It all started in Mission Beach, where so many of us got stuck back in the Roaring ’90s. The place sucked us in like the rip current; and now, 20 years and a million beers later, I find myself here — facedown in the sand; a gnarly gash in my knee; dry, caked blood all down my shin; missing a flip-flop; with burrito all over my shirt and beard. How many days have I been on this bender? I know it began Friday at the Coaster with their $2 drafts. That’s it, I’ll blame it on Leah, the bartender. She keeps ’em coming like an assembly line, and that’s why I got so tanked. Alcoholics have creative ways of blaming their iniquities on other people.
I get up and stagger around a bit. Usually, this is where I go grab a beer, but this time, my body’s making damn sure I know this ride’s over. Dry heaves kick in as I check the wallet — still got a few bucks left. How much did I start with? Five, six hundred? I could’ve bought a flatscreen or flown up to San Francisco for the weekend and a show at the Fillmore. I could’ve paid off my credit card. But drunks don’t think about that kinda stuff till after the fact.
My phone says 8:00 a.m., and from the date, I know this thing’s been going on for five days. Five days of complete inebriation! An entire work week — like it’s my frickin’ job! Pathetic. I also see I called my ex-wife. I can only imagine what kind of stupid came out of my mouth. This is the last time I’m doing this. Once this hangover’s gone, I’m controlling the booze. Not the other way around. I’m gonna get active and find a purpose. You’ll see.
Finding a cab this time of the morning’s a challenge, but I manage. “Hey, homie, I’m headin’ downtown,” I tell him. “Front Street exit.”
As we head south past Lindbergh Field, I look out at the Harbor Island Sheraton and the tranquility of the bay. This town’s the epitome of sublime, replete with opportunity for adventure. Most people on this big ball of blue can only dream of such a place. This guy driving me, I can tell he’s from Somalia, a country with no government, where day-to-day life is challenging and precarious. And here I am squandering away paradise by living in a bottle. Utterly depressing.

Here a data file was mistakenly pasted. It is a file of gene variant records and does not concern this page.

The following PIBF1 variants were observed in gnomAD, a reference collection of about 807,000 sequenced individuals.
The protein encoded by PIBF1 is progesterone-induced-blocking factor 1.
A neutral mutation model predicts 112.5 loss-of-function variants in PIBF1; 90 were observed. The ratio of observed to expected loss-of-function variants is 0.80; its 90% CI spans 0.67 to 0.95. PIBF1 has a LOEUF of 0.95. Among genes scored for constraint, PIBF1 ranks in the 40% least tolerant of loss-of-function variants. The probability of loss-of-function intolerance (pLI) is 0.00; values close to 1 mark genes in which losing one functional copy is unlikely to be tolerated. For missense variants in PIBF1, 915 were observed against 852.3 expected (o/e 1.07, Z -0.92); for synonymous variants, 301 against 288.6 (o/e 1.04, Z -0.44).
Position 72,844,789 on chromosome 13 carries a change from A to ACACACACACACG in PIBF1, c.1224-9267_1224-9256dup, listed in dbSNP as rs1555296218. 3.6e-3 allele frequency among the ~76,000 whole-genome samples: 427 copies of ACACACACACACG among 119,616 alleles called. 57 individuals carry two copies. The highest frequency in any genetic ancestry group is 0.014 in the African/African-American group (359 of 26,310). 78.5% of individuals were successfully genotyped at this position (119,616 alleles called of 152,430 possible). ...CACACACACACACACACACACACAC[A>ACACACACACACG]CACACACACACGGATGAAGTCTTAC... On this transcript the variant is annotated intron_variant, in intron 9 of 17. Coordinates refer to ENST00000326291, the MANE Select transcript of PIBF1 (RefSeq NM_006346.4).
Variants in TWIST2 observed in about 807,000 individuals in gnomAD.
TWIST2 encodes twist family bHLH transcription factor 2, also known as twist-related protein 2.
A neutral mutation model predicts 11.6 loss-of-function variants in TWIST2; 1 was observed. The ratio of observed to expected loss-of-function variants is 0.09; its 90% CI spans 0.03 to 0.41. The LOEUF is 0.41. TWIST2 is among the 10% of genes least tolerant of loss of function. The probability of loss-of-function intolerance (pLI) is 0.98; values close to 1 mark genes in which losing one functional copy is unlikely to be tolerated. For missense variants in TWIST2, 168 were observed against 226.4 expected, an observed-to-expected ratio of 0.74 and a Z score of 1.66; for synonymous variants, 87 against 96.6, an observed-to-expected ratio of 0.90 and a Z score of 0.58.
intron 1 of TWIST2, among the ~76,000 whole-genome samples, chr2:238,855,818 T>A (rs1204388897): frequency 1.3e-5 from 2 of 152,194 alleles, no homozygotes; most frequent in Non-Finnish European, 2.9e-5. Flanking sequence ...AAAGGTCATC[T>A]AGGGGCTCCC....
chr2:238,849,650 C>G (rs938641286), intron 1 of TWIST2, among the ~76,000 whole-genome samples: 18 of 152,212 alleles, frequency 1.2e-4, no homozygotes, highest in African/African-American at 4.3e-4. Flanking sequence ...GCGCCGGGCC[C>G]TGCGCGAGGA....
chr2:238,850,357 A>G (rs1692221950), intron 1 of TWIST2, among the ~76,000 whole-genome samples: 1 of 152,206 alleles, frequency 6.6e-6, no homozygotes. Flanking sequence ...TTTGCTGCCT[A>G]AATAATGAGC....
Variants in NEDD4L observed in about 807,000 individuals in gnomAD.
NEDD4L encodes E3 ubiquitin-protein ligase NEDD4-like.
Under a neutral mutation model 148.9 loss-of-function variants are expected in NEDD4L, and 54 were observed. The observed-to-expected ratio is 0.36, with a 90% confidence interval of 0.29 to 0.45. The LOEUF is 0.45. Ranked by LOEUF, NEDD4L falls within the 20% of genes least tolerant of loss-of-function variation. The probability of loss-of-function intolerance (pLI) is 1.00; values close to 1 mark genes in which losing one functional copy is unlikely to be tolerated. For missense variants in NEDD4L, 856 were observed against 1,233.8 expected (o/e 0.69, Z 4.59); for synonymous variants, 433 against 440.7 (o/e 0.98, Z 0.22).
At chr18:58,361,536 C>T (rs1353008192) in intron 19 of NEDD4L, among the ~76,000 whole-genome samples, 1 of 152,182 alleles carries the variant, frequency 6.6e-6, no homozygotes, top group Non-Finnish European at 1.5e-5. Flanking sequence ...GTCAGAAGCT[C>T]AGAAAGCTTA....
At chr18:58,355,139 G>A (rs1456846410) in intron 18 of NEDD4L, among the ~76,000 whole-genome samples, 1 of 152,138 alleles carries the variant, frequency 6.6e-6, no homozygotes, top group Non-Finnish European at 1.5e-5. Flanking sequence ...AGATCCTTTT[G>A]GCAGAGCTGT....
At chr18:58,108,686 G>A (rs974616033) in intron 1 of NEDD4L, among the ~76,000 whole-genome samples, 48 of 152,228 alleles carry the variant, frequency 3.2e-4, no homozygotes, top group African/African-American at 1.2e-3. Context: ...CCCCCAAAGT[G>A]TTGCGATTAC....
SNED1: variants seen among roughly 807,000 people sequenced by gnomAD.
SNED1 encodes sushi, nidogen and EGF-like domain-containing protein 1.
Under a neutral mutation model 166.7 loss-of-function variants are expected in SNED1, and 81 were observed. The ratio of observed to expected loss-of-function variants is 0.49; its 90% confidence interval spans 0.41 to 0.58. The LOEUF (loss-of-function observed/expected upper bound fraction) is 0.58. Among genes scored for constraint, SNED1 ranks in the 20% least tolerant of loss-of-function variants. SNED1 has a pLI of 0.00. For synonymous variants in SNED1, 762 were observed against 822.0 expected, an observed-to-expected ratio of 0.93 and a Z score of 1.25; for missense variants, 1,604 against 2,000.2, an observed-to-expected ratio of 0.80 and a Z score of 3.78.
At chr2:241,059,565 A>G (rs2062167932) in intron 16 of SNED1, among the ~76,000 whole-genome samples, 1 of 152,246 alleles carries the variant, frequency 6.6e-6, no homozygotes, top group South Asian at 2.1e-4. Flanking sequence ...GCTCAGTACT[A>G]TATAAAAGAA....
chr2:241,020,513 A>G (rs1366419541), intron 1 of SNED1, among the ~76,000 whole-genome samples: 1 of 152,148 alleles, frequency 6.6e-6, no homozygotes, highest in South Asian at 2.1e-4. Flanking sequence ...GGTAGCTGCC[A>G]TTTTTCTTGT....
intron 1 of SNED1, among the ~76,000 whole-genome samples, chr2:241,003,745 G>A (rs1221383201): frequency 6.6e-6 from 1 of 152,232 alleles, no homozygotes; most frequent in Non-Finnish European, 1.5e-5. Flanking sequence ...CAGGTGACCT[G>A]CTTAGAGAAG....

After he drops me off at my condo in the Gaslamp, I go upstairs, draw the blinds, turn off the phone, put the TV on real low, and curl up on my couch, trying to disappear. That’s when the cold sweats start, and it ain’t sweet summer sweat from dancing in the courtyard. It’s the putrid, viscous, endocrine- and alcohol-based diaphoresis from the skin helping an overburdened liver filter out poison and dead cells from my body. I wish I could dance to forget.
A few hours later, flashes of memories kick in: getting tossed from the Beachcomber, getting comped at Sandbar, getting denied at the Pennant, telling Hayley I’m obsessively in love with her, asking Laura to show me her feet. People must think I’m a whack job, and maybe they’re right; but I’m gonna change from now on. They’re gonna see that I’m different. They’re gonna see that I’m normal.
The dry heaves become unbearable. They actually turn into convulsions. I try to yak to feel better, but nothing comes up. There ain’t even bile left in there. I drink a little water, ’cause I know I need it, but it comes right back up. That’s right. I have polluted my body so badly that my stomach rejects anything I put into it in a mad, desperate attempt to make itself healthy. At this point, all emotion is gone, and I just lie there — one miserable and useless creature. Absolutely sickening.
Anyone who’s been through this (and I know there are a lot of you) understands this story pretty well so far. Short naps give you periodic reprieve from the torment, and the next day you feel good enough to at least go outside and walk around — have a smoothie and some water. By evening, you can stomach a small, healthy dinner, soup or a wrap. You’re getting well. That night, you only sleep three or four hours, but you wake up feeling reborn. Detox complete.
I jump out of bed and seize the day — start with a five mile run in Balboa Park and sweat the good sweat. Rejuvenated, I go home and take my first shower in a week. Then I hit the bookstore and spend hours reading at Embarcadero Park, wondering why I haven’t spent more time indulging in this simple pleasure I grew up loving so much.
Today is the first day of my new life.
By evening, my hunger’s back in full force, so I go to Nicky Rottens for a burger. I contemplate a beer — no, not quite yet. I stick to water. Later in the night, I hit the Gaslamp Tavern and Bareback Grill for the Laker game, sipping O’Doul’s the whole time. Kobe wins it with a buzzer-beater. This can’t get much better,